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Wednesday, 07 February 2018

Trust where four mental health patients died had more than recommended number of beds

Written by Aine Fox

Four patients died unexpectedly on a mental health ward which had more than the recommended number of beds on it, a report has found.

The Care Quality Commission (CQC) carried out an inspection into East London NHS Foundation Trust following the deaths on an all-male ward between December 2016 and July last year.

Some wards within the trust continue to have more beds than the Royal College of Psychiatrists' recommended maximum of 16, the report said.

Ash ward, where the deaths occurred, has reduced its beds from 27 to 19, the CQC found, but the health watchdog said the trust should continue to review numbers on acute wards "so they are in line with national guidelines".

The report did not give further details on the deaths other than to say the four incidents were being investigated by the coroner when the inspection took place in November.

Another "near-miss incident" incident related to "serious self-harm" on the all-female Crystal ward, which had 18 beds at the time of the inspection.

The CQC said contraband items on wards were a concern, despite the fact patients were routinely searched after returning to the ward from leave.

The report said: "During the inspection we heard about a blade being found on Crystal ward and plastic bags being found on Jade ward."

The watchdog said there was a concern patients' health may have been put at risk because the appropriate checks were not always made after "rapid tranquilisation" was carried out.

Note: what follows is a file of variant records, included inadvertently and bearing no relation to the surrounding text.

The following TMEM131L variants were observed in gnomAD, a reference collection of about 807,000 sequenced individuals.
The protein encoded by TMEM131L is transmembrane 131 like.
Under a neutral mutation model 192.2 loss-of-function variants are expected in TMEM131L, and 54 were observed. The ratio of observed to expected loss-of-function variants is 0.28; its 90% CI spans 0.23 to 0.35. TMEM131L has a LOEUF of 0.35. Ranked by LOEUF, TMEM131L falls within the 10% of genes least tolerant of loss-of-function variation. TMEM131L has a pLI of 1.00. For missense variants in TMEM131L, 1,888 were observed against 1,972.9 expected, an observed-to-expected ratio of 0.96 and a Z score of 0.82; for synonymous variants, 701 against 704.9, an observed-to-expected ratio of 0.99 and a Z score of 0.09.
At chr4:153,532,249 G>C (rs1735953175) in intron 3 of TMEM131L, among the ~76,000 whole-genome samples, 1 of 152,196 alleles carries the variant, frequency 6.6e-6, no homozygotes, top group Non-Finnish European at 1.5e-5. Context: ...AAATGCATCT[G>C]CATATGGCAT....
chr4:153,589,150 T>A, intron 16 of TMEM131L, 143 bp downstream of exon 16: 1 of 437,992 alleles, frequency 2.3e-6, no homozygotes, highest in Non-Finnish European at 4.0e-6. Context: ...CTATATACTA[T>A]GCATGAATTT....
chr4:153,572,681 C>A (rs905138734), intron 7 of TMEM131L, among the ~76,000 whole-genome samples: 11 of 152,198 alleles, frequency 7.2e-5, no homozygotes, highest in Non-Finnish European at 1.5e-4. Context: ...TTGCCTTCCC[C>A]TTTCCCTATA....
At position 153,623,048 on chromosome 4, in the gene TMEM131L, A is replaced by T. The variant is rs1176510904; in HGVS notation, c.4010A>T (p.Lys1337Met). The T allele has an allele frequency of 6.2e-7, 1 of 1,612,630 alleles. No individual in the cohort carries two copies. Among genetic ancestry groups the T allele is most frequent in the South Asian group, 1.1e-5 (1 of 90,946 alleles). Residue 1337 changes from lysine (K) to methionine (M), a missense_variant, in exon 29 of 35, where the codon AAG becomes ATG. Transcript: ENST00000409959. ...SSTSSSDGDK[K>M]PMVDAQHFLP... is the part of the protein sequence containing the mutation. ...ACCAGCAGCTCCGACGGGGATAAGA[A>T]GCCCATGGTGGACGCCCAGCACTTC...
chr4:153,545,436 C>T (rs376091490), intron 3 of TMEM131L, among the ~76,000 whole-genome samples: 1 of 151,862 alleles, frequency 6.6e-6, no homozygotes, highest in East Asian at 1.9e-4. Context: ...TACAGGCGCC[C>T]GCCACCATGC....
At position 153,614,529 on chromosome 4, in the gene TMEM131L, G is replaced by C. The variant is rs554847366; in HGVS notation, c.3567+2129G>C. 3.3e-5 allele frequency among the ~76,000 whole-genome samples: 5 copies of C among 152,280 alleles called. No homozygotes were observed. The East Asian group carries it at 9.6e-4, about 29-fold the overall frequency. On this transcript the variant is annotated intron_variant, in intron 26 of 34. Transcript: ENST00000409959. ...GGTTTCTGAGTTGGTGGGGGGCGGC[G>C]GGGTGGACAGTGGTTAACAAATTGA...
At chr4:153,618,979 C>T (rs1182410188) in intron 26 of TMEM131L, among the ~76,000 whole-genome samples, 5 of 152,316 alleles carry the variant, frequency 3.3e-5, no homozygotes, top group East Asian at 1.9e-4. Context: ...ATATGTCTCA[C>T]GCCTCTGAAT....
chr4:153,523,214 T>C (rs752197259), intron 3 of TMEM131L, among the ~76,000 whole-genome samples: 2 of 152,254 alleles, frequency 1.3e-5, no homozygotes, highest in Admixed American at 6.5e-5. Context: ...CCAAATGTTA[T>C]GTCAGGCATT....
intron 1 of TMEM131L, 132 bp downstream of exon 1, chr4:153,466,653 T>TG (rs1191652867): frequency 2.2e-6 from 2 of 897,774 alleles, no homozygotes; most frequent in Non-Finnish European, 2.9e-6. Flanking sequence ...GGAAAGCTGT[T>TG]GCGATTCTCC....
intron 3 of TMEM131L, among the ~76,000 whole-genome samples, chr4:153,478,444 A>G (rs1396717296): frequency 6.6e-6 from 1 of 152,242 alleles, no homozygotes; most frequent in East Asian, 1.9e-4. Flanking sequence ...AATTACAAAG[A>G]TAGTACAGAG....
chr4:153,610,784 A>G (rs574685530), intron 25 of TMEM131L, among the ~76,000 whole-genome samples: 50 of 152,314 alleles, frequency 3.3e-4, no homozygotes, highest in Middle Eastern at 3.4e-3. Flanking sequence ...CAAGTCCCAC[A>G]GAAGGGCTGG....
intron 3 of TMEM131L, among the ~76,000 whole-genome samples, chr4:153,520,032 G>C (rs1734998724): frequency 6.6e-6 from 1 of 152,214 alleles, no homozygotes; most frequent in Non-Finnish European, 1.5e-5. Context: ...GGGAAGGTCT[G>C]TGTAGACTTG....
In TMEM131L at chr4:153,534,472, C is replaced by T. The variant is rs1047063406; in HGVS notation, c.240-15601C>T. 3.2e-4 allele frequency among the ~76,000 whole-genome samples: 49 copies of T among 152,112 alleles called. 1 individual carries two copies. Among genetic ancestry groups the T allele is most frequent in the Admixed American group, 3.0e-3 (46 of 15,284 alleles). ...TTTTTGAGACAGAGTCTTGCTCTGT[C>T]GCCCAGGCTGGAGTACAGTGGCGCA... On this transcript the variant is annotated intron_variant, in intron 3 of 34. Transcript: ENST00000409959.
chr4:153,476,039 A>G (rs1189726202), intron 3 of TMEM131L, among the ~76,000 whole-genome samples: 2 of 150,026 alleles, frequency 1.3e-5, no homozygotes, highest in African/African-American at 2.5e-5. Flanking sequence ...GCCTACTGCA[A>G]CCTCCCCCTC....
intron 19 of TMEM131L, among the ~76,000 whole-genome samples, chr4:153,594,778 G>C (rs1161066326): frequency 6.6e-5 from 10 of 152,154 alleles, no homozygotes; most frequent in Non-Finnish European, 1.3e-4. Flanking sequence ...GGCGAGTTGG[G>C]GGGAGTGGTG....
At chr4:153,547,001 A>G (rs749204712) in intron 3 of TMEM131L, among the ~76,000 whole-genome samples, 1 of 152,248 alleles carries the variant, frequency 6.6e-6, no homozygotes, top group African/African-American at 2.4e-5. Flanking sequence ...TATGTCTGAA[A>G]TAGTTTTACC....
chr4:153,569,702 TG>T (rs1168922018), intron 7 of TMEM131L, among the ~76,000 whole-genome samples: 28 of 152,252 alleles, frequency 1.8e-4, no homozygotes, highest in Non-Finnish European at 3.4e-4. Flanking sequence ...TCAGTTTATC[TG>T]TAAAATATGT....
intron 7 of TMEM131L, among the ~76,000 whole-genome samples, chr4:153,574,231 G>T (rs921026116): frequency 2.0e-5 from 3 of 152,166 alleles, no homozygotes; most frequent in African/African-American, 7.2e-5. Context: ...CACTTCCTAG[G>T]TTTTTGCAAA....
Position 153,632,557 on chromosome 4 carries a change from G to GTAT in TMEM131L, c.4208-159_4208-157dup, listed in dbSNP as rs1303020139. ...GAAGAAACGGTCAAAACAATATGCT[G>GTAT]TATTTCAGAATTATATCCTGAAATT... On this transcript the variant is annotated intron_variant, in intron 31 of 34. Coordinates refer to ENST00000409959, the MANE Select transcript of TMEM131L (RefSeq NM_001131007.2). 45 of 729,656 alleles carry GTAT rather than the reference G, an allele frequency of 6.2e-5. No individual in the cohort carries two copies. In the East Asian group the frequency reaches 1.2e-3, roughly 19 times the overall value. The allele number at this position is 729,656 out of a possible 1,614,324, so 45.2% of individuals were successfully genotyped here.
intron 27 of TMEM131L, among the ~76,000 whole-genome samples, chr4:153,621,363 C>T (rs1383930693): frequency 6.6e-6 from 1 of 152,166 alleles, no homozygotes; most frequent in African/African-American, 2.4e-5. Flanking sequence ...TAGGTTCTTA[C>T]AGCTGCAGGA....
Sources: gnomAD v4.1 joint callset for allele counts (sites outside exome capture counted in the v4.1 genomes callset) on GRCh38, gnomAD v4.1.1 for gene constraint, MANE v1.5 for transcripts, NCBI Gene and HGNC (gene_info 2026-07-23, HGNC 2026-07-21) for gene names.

The CQC also said security breaches were not being consistently reported and less than three quarters of staff had taken up basic and immediate life support training.

Recruiting and retaining nursing staff continued to be "problematic", the inspectors found, but the report said initiatives were under way to address this and that staff felt the service was getting better.

Inspectors found improvements had been made in a number of areas including staff receiving training on suicide prevention and managing physical health conditions, better risk assessments and safe management of medicines.

There was also good feedback from patients who reported that staff involved them in care planning and treatment.

Dr Paul Lelliott, Deputy Chief Inspector, said: "It's good to see that the trust has learnt from serious incidents and made some improvements in the quality of care at East London NHS Foundation Trust's acute wards for adults of working age and PICUs (psychiatric intensive care units) in Luton and Bedfordshire.

"However, I would like to see care for patients improve further, when we next inspect this service. I was though pleased to see that patients reported that staff involved them in planning their care and treatment."

The service was not given a rating in this instance, but the trust had been rated overall outstanding after a June 2016 inspection.

East London Foundation Trust provides an acute mental health service for adults in Luton and Bedfordshire.

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